Is It a Choice or a Preference?

Is It a Choice or a Preference?

Human beings are described by some as having free will with a freedom of choice that creates and controls their lives.  Philosophers have been busy for eons pondering and debating this aspect of human nature. Some of the world’s most illustrious minds have contributed to this discussion but it remains open for debate. For further clarification, we must understand how instinctive preferences and choice are not the same motivators in our decision making.

Conventional wisdom tells us that making good choices is a major aspect of our personal growth and personal satisfaction.  Our lives are determined by the choices we make, both good and bad. What our life is at this present moment is the result of the sum of all of the choices we ever have made. What our life will become depends on the choices we will be making from this moment on.

We can look back on our life and with hindsight clearly see our mistakes with 20/20 vision. We may fantasise and wish that we could go back in time and remake some of the choices that we shouldn’t have made. But alas, we can’t and are stuck with the ramifications those choices created along with the learning lessons associated with them.

Freud gave us his opinion within his psychoanalytic theory of personality. He believed that the driving principle that creates our choice is that humans simply seek pleasure and avoid pain. In other words, this pleasure principle is behind our efforts to fulfil our most basic and primitive urges. When these needs are not met, the result is a state of anxiety or tension. When they are met, we feel satisfied.

The real question from his theory is how do we determine what feels pleasurable and what doesn’t? Is there any choice in how we naturally feel?  For a simple example, do we have any choice if we naturally like chocolate over vanilla ice cream? Was that ever really a choice or just an internal preset preference that was expressed the first time we tasted them?

We can use this argument with any preference we have. Why do we prefer something over another? In most situations, our preferences are innocuous but when they oppose someone else’s preferences, then conflict can be the result. We can insert everything into this discussion, including our political preferences and our propensity to be religious or not. Any division of the populous is a result of our competing and opposing preferences. In my book Master the Mystery of Human Nature: Resolving the Conflict of Opposing Values, I show how the world is created by this conflict of preferences and how it impacts all our lives.

There is ever increasing scientific evidence that our emotions are the basis of our temperament and are genetically influenced. Values and preferences have been shown to be a part of this genetic make-up of our temperaments. This makes the argument that we may not have as much choice in our lives as we believe.

[Research] suggests that what we think of as free will is largely an illusion: much of the time, we are simply operating on automatic pilot, and the way we think and act – and how well we think and act on the spur of the moment – are a lot more susceptible to outside influences than we realise.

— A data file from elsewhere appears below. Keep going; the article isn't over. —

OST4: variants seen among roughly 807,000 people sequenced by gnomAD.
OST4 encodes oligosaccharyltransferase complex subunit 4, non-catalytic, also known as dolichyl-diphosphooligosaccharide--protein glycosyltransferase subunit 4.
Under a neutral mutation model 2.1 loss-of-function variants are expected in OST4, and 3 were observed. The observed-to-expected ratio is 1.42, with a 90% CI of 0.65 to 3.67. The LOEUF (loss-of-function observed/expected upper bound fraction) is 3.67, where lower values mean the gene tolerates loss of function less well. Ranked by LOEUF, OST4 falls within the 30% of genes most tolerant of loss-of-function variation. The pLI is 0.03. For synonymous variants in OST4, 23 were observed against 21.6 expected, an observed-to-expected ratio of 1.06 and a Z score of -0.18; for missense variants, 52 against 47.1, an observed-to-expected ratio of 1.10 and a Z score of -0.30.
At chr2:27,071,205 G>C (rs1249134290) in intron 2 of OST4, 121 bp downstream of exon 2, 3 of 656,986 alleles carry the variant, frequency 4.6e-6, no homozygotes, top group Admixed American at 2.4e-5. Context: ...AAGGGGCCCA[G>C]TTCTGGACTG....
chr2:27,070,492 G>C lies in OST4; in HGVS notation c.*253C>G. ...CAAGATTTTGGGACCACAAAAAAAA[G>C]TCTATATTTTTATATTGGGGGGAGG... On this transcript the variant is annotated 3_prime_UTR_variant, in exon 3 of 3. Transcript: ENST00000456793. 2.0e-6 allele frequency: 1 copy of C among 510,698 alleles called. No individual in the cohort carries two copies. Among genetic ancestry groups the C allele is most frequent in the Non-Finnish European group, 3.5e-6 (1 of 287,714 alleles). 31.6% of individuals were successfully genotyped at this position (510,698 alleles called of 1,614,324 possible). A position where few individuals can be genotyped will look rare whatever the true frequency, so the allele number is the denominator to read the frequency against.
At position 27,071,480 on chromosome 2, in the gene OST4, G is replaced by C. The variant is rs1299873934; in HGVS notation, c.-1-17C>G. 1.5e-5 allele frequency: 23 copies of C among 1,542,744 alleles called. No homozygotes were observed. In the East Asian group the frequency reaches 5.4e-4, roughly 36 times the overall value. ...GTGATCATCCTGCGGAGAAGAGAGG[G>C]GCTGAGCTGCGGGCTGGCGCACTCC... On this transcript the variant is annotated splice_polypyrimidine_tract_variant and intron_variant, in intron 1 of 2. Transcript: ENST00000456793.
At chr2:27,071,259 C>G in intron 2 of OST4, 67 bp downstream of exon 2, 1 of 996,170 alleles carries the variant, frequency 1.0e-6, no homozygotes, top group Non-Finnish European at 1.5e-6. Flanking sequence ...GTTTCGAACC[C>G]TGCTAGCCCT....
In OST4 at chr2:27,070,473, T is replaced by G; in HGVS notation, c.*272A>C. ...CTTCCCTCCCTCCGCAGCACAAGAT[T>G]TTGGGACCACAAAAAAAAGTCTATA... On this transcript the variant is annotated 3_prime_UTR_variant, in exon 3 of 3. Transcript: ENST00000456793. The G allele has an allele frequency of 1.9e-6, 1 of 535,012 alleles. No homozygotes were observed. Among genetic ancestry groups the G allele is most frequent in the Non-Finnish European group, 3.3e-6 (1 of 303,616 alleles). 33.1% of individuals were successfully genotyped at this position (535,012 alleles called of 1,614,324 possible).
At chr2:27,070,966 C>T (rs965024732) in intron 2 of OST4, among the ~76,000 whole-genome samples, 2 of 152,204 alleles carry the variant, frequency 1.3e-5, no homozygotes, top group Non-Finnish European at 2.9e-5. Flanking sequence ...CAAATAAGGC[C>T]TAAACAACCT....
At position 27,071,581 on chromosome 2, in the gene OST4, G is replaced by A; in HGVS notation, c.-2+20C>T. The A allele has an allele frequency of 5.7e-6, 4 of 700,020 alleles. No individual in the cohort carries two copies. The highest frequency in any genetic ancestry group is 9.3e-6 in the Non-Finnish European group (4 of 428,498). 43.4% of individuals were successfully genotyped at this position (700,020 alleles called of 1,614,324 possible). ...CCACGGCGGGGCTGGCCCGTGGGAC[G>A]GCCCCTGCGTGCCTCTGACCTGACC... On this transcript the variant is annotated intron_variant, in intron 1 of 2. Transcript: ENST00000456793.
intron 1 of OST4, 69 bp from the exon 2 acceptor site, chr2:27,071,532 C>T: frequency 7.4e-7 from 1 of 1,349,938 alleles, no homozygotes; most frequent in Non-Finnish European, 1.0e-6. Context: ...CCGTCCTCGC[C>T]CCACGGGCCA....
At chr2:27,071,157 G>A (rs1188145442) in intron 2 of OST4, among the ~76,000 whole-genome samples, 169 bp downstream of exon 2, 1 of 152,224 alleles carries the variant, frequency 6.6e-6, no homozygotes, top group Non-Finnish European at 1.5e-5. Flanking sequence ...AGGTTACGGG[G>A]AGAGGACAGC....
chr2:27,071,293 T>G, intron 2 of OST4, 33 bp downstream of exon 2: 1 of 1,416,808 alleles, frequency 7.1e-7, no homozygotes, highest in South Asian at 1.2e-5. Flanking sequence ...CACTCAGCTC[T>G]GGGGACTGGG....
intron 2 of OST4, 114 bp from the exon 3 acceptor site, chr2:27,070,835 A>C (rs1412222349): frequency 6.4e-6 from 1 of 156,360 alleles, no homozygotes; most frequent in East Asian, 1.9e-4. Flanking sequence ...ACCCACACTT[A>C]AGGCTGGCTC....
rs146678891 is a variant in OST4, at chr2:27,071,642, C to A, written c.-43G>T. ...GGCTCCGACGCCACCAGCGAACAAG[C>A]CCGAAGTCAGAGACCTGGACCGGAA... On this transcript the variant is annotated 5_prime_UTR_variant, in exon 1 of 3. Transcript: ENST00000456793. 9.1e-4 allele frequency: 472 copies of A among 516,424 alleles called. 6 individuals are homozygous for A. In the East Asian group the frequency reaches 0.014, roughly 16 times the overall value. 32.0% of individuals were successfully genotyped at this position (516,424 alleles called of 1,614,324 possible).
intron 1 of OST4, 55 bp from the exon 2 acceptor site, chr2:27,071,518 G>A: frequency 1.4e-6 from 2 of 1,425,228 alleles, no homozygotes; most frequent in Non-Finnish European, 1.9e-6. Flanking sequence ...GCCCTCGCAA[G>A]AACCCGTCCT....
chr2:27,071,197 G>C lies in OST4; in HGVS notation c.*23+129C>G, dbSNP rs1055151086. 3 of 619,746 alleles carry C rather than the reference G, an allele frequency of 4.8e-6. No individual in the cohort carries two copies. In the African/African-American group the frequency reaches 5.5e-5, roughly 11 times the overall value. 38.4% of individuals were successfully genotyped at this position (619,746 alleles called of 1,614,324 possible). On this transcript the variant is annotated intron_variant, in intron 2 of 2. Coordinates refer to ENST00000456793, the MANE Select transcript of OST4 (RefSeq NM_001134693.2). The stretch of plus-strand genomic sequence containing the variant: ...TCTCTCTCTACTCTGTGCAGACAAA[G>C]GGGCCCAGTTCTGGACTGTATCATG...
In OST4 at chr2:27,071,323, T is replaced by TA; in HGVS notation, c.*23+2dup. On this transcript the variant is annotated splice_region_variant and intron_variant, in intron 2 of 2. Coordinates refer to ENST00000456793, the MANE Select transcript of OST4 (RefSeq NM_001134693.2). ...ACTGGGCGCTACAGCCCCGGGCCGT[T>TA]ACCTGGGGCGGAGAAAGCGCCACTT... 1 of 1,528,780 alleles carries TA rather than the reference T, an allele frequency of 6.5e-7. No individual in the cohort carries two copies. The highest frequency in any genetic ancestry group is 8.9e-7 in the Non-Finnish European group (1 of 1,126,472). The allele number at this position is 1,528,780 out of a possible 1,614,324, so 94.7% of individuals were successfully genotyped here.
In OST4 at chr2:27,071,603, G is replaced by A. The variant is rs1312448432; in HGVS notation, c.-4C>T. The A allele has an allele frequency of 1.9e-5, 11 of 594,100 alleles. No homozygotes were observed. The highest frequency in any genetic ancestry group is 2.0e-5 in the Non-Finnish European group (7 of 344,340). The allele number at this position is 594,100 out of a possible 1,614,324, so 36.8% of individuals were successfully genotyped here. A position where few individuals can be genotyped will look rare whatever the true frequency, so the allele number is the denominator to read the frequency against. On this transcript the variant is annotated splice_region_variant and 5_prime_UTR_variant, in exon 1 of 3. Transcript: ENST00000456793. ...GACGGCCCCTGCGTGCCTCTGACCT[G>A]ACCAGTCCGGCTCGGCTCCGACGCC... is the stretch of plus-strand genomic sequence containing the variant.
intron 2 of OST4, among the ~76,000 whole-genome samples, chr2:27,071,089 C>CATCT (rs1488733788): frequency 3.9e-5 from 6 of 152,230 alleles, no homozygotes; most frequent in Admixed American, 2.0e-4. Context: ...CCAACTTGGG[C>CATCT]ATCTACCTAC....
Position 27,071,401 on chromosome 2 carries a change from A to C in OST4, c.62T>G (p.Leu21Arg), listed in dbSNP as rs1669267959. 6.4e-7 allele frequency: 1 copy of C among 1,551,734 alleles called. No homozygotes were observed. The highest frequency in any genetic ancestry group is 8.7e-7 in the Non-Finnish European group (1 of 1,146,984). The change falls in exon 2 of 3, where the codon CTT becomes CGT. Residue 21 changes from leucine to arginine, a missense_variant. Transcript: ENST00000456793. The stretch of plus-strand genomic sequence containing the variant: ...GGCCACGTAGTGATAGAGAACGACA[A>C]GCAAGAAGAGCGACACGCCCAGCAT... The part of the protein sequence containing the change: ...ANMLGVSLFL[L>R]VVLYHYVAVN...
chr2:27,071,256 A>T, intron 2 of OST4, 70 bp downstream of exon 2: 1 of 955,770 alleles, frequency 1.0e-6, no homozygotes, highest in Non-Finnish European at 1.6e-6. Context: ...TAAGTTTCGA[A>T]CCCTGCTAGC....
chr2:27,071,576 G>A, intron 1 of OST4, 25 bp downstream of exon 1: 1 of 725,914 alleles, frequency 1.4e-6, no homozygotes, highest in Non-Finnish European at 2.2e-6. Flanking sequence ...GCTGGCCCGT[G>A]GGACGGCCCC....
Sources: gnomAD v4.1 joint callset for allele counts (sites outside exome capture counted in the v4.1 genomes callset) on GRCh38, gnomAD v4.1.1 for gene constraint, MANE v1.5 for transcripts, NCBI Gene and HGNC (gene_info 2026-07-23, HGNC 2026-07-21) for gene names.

– Malcolm Gladwell, Blink: The Power of Thinking Without Thinking

I would add to the above quote that we are not only susceptible, but controlled by the internal instinctual values set by our genetic make-up that create our reactions to outside stimulation. When it comes to most preferences, there is little choice. On the other hand, with deliberate thought, analysis, and a wilful intention, we do have the capability to override some of our impulses and make choices that are contrary to our instincts. Overcoming fears, selfishness, anger, and other emotions will be the true choices that we make.

I believe that if a decision is comfortable to make then it isn’t really a choice, just an expressed preference. There are endless possibilities in this world that expose our preferences. Real choice lies outside the boundaries of preferences and have an entirely different effect on our being.

Preferences can keep us boxed into a certain state of consciousness and limited outcomes. When we can push through our comfort zone though choice, our possibilities become endless.

A person’s looking for a simple truth to live by, there it is. Choice. To refuse to passively accept what we’ve been handed by nature or society, but to choose for ourselves. Choice. That’s the difference between emptiness and substance, between a life actually lived and a wimpy shadow cast on an office wall.
– Tom Robbins, Still Life with Woodpecker

Choice is meaningful, impactful, and life-changing. Preferences are instinctual and help to create the conflict in this world when people disagree on whose preferences are better than another’s. Choice is on an entirely different and higher plane than preference.  

If we are to rise above the noise and confusion of the world, it will only be from choice. If we are to create positive and healthy relationships, it will only be from choice.  If we are to overcome our weaknesses and achieve our dreams, it will only be from choice.

Preferences can get us into ego predicaments of all sorts. Choice will lead us to our higher self and be the solutions to the world’s problems.


Scott Trettenero’s recent book, Master the Mystery of Human Nature: Resolving the Conflict of Opposing Values helps readers learn about themselves, others and how the world works because of our differences. Scott has maintained a solo dental practice in Southwest Florida since 1981. His research on quality service in dentistry and his interest in human temperaments formed the basis for his first book, Unlocking the T-Code. He is married and has two children.

 


 

 

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